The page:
TOURISTS have been caught sowing barley in Antarctica, in a biosecurity breach that has drawn attention to calls for tighter controls on polar tourism.
Two members of a gospel group travelling with a Canadian tour company were seen dispersing barley seeds as they hiked on Deception Island in the Antarctic Peninsula, where rising temperatures are leading to increased plant growth on previously barren ground.
The incident was reported by the International Association of Antarctic Tour Operators to the annual Antarctic Treaty meeting in Hobart yesterday.
Tighter supervision of tourists who land on the continent, including official inspections, and an outright ban on the use of very large cruise ships, are being sought at the meeting by the umbrella environment group, Antarctic and Southern Ocean Coalition.
Barley is a highly adaptable crop, growing north to the Arctic Circle, according to the US-based Whole Grains Council. The attempt to sow it in Antarctica came last summer despite a briefing for tourists, including the gospel group, on the ship MS Expedition.
"The dispersed seeds were collected and the severity of the offence explained to the passengers," IAATO reported.
The incident brought to light a similar act on the same island nine years ago described by US evangelist Mary Craig.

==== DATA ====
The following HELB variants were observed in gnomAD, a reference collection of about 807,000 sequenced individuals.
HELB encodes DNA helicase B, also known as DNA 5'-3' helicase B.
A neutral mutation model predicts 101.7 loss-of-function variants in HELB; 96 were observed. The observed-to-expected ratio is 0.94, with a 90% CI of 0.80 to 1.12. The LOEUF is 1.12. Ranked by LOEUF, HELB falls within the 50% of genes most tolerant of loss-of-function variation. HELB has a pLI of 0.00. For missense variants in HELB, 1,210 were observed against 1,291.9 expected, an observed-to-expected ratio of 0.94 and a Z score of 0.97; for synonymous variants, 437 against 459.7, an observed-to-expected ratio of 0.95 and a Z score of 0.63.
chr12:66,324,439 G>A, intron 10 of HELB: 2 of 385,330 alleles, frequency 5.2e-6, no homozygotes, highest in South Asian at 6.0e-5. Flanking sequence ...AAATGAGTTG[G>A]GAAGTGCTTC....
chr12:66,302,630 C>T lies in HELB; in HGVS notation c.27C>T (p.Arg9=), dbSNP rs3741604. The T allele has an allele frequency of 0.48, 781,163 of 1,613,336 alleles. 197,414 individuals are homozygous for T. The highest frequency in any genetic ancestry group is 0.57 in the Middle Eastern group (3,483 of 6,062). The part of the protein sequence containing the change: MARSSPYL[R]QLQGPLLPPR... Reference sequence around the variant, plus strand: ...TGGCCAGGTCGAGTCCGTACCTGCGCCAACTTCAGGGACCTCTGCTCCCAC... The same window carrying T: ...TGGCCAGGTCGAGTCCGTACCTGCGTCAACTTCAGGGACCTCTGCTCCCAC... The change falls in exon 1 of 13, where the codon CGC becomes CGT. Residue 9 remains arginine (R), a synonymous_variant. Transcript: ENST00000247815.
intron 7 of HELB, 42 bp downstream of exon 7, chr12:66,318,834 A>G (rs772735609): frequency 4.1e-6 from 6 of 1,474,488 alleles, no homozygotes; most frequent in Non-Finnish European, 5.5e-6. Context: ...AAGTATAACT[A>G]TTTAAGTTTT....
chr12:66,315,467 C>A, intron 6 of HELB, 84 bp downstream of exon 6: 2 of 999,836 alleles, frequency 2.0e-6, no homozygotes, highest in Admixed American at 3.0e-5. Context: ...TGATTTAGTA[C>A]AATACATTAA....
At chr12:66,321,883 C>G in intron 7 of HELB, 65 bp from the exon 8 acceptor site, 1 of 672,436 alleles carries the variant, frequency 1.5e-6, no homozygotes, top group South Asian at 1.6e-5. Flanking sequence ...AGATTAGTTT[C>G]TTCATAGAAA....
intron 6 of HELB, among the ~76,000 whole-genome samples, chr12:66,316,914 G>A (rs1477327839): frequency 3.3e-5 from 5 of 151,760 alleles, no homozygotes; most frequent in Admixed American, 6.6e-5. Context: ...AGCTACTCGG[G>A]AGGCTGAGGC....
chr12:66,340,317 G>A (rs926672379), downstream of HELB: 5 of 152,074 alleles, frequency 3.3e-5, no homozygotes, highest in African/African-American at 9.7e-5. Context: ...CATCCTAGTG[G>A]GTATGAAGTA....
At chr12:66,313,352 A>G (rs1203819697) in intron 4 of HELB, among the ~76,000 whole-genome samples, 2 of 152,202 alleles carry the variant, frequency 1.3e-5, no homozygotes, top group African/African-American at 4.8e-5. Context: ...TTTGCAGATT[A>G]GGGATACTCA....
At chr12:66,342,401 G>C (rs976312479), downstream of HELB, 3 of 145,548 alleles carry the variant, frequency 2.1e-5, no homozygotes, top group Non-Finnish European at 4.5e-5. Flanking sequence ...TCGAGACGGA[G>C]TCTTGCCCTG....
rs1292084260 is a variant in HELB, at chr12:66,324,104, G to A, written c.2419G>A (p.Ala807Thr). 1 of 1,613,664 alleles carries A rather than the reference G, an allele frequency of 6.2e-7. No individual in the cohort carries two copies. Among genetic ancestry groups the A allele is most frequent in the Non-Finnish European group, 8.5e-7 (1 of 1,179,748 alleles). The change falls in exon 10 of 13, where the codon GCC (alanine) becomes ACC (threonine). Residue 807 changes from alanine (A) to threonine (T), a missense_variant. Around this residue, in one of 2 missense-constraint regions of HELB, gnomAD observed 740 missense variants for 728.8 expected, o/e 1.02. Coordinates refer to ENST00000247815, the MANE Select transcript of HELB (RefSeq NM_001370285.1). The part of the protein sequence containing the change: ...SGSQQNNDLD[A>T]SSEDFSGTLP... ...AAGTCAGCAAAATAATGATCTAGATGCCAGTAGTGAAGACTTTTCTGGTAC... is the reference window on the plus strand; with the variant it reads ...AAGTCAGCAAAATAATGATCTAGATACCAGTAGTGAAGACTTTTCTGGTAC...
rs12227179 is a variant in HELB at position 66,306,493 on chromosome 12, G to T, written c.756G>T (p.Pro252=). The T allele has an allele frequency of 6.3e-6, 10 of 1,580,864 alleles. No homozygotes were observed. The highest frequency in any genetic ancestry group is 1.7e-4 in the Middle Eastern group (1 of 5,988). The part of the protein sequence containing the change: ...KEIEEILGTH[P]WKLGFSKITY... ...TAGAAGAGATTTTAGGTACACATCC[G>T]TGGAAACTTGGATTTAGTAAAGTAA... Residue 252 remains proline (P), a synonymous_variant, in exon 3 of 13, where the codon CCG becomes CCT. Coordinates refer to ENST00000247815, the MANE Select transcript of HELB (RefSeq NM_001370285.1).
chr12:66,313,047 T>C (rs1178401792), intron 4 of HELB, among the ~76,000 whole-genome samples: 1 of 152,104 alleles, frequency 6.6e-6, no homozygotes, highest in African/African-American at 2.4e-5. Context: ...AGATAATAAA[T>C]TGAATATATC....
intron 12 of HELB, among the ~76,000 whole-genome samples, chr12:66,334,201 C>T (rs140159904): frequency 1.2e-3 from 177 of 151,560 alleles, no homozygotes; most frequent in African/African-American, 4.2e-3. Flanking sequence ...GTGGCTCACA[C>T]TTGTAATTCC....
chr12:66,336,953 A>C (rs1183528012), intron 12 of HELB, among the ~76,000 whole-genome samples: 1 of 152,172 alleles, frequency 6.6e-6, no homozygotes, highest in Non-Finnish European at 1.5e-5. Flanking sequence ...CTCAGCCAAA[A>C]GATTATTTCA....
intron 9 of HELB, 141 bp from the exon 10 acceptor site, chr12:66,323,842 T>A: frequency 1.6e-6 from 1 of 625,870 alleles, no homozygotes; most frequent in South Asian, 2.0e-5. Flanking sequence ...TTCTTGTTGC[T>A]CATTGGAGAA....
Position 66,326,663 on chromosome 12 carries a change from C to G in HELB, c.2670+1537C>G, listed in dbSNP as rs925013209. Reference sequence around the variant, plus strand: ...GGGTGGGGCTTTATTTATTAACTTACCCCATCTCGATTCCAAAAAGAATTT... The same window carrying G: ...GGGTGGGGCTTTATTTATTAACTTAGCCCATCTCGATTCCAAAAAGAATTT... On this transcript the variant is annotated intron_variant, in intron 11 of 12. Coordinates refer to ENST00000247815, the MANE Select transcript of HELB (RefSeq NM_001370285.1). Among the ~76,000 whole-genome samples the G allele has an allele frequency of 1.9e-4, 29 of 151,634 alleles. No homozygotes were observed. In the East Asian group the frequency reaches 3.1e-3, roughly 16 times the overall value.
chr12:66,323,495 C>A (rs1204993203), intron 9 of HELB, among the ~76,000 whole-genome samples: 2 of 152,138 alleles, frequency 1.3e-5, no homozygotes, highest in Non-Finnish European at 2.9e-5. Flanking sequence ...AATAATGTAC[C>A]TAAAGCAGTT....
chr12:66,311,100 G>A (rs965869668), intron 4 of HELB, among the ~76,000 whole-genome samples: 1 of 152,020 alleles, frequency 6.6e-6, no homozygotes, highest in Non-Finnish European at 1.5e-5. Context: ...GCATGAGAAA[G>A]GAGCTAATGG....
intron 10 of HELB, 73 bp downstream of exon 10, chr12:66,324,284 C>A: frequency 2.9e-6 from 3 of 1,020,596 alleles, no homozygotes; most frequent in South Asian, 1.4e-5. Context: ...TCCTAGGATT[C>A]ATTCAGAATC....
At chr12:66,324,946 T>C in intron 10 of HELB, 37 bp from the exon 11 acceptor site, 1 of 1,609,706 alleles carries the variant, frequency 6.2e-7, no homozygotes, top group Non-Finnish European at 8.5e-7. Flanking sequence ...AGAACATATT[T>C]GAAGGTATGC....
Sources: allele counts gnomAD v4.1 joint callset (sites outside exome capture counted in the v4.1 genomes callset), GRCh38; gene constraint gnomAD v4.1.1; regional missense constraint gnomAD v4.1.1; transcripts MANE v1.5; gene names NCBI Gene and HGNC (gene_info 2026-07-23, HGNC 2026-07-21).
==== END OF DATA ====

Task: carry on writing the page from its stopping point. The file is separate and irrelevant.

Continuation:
"We scattered and released the seeds of the harvest of souls to be saved," she wrote on her website of the 2003 expedition.
Following a decline due to the global economic slowdown and a ban on heavy fuel oil in Antarctic waters that affected big passenger ships, tourist numbers are rising again. It is estimated 34,950 tourists will go to the Antarctic next summer.
The use of very large cruise ships on Antarctic routes has slowed with the fuel ban, but the 90,000-tonne Celebrity Infinity is due to make two voyages next season carrying about 3000 people per trip.
Australia and other countries have objected to the use of these vessels in the past. The Antarctic and Southern Ocean Coalition believes some forms of tourism should be prohibited.